openssl pkcs12 -export -in client_cert.pem \ -inkey client_key.pem -out client_cert.p12 -clcerts
You are prompted for client_key.pem's passphrase and then for a new passphrase for the new file; you can use the same password as before if you like. You may be tempted simply to press Enter instead, especially given that the WPA supplicant in Windows XP works only when you store its certificates without passphrases. It's very, very bad practice, however, to move private keys around networks unprotected, so I strongly recommend that you not remove the passphrase until after this file is copied safely over to your Windows XP client.
Lest you be tempted to take this opportunity to bash Microsoft, I must note that both Xsupplicant and wpa_supplicant on Linux require you to either use a blank passphrase or store the passphrase in clear text in a configuration file. This is contrary to good certificate-handling wisdom. I hope we some day see WPA supplicants intelligent enough to prompt the user for its certificate passphrase on startup.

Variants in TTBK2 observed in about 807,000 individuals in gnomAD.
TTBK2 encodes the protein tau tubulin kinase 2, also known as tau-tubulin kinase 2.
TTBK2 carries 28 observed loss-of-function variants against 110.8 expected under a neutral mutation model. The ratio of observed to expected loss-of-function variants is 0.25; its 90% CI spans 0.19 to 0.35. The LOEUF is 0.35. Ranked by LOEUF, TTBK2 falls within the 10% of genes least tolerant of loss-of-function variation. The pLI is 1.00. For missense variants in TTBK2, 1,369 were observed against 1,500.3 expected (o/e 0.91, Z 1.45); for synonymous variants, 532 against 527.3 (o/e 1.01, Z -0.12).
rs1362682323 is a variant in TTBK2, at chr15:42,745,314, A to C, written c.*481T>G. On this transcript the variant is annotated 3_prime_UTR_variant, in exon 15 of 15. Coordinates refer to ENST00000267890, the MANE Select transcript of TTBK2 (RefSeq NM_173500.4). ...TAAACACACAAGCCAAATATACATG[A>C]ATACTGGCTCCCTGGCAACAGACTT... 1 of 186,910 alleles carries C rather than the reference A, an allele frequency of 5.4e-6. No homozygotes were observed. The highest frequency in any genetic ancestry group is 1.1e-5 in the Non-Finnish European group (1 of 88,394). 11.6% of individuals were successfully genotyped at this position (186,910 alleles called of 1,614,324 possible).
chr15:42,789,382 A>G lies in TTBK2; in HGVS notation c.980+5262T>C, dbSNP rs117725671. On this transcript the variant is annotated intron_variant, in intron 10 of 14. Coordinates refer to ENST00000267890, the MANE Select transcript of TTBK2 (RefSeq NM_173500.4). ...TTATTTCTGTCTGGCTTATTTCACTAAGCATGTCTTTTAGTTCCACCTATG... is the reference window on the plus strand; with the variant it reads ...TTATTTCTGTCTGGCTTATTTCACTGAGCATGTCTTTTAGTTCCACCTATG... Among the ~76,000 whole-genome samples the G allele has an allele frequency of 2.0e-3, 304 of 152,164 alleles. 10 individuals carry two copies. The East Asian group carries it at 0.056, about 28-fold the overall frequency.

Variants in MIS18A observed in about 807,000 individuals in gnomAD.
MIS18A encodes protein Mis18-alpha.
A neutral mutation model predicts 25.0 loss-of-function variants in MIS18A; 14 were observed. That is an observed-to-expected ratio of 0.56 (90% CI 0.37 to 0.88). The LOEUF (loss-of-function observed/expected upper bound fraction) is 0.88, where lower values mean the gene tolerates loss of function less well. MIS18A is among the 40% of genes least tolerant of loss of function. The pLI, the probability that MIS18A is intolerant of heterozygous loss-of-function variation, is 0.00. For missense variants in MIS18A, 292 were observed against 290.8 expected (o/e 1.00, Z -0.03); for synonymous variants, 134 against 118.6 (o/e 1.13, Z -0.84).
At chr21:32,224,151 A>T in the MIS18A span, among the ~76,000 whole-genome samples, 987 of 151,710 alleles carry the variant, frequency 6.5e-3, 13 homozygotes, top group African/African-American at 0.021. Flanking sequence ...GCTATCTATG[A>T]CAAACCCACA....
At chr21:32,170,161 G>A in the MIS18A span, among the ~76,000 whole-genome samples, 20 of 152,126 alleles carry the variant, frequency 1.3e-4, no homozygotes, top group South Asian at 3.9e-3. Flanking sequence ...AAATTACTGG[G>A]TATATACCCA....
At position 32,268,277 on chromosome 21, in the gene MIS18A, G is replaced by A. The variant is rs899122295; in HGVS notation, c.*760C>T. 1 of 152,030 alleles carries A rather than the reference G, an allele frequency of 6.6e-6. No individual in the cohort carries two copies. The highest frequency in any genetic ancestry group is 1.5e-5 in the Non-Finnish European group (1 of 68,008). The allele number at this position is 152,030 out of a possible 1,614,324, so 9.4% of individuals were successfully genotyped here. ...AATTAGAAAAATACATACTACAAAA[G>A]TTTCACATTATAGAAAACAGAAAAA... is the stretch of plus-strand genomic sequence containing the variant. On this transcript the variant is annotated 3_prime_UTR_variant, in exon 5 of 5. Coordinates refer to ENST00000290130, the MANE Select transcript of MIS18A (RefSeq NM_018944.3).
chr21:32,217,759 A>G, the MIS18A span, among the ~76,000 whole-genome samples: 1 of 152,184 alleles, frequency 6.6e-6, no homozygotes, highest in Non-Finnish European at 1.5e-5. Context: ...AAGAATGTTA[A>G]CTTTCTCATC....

The resulting file, in this example client_cert.p12, contains both your signed certificate and its private key. Copy it to your Windows XP client system.
We've installed FreeRADIUS, created a certificate authority, generated server and client certificates and transferred them to their respective hosts. But we're not done yet. We still need to configure FreeRADIUS, our access point and our wireless clients. We'll do all that next time. Until then, be safe!
Resources for this article: /article/8134.
Mick Bauer, CISSP, is Linux Journal's security editor and an IS security consultant in Minneapolis, Minnesota. O'Reilly & Associates recently released the second edition of his book Linux Server Security (January 2005). Mick also composes industrial polka music but has the good taste seldom to perform it.